Nebraska’s Dr. Andre F. Maciel was intrigued when he chanced upon a knitters’ group in Tucson, Arizona, in 2011, during his doctoral program.
Now an assistant professor of marketing at the University of Nebraska–Lincoln, Maciel wondered why people in Tucson, of all places, would devote uncounted leisure hours to creating shawls, scarves and sweaters. They lived in a desert. Their loved ones rarely needed winter gear. Why were they so committed to an activity often dismissed as dull busywork for elderly women?
Maciel learned that millions of women have taken up the hobby during the past two decades. His curiosity led him to conduct immersive research on the phenomenon, including fieldwork spent learning to knit and sitting in on knitting circles at a yarn shop. Maciel and his co-author, Melanie Wallendorf, McClelland Professor of Marketing at the University of Arizona, visited yarn stores to talk to knitters. They monitored Ravelry.com, an online forum for knitters and other needleworkers. They conducted long interviews with 19 knitters and a survey of 110 knitters. They reviewed about 640 articles about knitting found in large-circulation newspapers and magazines such as The Washington Post, The New York Times and the New Yorker. The two collected data over about seven years, combined.
Maciel eventually concluded those Tucson knitters were not unique. Millions like them across the United States and around the world are engaged in a political and cultural battle to gain more respect for skills often scorned as women’s work.
“There is this idea of cultural inequality in sociology and consumer behavior,” Maciel said. “Some activities and identities are devalued or taken as odd or awkward, while others are taken as normal. If you are a football fan, no one asks you why you do that. But there’s a difference between being a soap opera fan and an avid reader of science fiction, or liking chick flicks versus the nine versions of ‘Fast and Furious.’ Traditional female activities are often devalued.”
Cultural inequality does not necessarily reference socioeconomic status, however. Of the 110 knitters who responded to Maciel’s survey, 87% held a college degree and two-thirds lived in households with earnings of about $90,000. Most of them were white, most held conventional middle-class jobs, and most lived in committed relationships. About half had children living at home.
“We noticed that women were challenging the devaluation of their identities as knitters at home and elsewhere,” he wrote. “They were using the relative mobility of this hobby to make broader assertions about its cultural value — in a sense, turning their needles into small swords.”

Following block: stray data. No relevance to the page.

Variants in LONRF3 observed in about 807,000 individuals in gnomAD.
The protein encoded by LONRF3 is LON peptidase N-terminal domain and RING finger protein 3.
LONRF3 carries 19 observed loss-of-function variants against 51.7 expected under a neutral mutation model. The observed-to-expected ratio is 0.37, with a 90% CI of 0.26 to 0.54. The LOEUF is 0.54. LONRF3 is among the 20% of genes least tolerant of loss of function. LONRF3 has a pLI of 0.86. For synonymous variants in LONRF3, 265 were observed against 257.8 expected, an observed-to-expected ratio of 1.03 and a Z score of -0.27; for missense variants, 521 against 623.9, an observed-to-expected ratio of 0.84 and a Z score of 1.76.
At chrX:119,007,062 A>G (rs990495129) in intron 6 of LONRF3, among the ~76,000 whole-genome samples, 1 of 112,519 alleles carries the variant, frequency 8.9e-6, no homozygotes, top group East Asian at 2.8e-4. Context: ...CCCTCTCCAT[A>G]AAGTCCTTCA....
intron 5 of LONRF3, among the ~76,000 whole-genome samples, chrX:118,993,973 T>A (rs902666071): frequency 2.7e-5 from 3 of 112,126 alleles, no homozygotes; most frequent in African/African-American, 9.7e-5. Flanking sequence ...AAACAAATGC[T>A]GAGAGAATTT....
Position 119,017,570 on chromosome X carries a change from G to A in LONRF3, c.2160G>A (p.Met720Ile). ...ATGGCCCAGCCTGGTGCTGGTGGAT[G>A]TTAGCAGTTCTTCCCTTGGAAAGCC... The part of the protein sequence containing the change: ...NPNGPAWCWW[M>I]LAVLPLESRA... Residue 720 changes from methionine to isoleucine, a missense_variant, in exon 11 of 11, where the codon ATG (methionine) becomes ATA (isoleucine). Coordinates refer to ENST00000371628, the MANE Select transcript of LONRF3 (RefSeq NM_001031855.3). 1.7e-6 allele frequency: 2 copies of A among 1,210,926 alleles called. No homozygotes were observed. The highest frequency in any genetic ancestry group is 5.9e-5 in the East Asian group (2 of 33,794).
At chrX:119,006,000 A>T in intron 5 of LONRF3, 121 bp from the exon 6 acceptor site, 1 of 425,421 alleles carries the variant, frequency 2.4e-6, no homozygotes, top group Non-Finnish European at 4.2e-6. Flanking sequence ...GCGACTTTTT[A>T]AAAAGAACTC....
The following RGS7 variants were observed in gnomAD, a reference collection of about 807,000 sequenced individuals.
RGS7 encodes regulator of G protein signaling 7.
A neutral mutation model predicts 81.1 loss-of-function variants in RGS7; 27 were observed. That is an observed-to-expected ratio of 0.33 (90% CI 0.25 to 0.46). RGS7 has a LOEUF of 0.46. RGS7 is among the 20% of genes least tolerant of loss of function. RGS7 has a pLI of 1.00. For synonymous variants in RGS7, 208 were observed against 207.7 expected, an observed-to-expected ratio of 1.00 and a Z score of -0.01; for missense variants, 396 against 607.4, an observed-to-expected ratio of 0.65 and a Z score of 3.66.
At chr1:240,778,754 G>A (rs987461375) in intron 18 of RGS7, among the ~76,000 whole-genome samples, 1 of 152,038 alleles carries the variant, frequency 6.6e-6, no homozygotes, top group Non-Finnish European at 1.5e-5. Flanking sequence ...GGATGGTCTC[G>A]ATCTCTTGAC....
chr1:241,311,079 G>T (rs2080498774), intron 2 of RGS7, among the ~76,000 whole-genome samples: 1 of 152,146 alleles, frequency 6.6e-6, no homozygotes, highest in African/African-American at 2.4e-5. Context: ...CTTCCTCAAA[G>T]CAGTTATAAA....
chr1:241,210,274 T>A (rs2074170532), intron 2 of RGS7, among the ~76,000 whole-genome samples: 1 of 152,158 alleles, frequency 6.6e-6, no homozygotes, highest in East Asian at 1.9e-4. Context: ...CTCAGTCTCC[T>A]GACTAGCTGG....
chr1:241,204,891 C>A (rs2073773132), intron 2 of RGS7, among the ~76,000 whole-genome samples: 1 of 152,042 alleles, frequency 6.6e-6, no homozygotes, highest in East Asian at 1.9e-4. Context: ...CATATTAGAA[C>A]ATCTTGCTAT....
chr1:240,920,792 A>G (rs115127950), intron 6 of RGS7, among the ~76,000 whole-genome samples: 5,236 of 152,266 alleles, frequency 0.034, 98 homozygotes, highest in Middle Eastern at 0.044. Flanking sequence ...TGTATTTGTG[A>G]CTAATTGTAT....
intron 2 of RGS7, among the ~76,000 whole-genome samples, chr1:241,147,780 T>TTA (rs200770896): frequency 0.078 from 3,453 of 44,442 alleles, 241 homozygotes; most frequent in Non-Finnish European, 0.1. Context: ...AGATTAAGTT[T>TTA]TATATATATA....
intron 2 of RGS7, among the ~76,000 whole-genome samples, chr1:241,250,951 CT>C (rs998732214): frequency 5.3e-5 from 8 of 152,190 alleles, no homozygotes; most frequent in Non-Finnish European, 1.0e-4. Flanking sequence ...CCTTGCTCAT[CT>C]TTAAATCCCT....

Maciel’s findings were published earlier this year by Oxford University Press in the Journal of Consumer Research, one of the world’s highest impact scholarly journals devoted to marketing theory.
Maciel’s article cites famed knitters Debbie Stoller, the bestselling author of the “Stitch ‘N Bitch” book series and founder of BUST, a feminist magazine that infuses empowerment and skillfulness into feminized crafts, and Stephanie Pearl-McPhee, who urges women to take pride in their crafts in her Yarn Harlot blog and book series.
In his research, Maciel observed how the knitters worked in three intersecting arenas toward what he calls a “politicized consumer identity project” to raise their cultural standing.
In private spaces, at home and among family and close friends, they asserted their prerogative to have a designated knitting space or time set aside to knit. In semi-public spaces, such as a yarn shop, knitting group or Ravelry.com, they affirmed one another in their decisions to spend money on expensive supplies or to make group plans for knitting-related activities. In public spaces, such as baseball stadiums, streets, sidewalks and even public marches, they attended “stitch and pitch” events while watching baseball, “yarn bombed” street posts and statues with knitted graffiti, and wore knitted pink “pussy hats” to stand for women’s rights after Donald Trump was elected president.
The devaluation of knitting likely began with the Cult of Domesticity of the Victorian Era. Knitting was among home-oriented activities deemed proper for genteel middle-class women, even though their families could easily afford manufactured textiles.
In the 20th century, knitting and other forms of needlework became the targets of second-wave feminists in the 1960s and 1970s, who argued that such hobbies helped stifle women.
That began to change in the late 20th century, when Martha Stewart and others led a New Cult of Domesticity that embraced household endeavors such as cooking, baking, fiber crafts and home decorating. Maciel credits this movement for sensitizing many women to cultural hierarchies that devalue feminine consumer identities, leading many to take up their needles once more.
“They are not simply making sweaters,” he said. “They are contesting this cultural inequality, the stereotypes of knitting. It’s not in a radical way — they are not joining social movements as hard-core activists; they are not breaking social ties. They are not radical feminists; they are not abandoning their traditional roles. They want to reclaim the value of women’s culture.”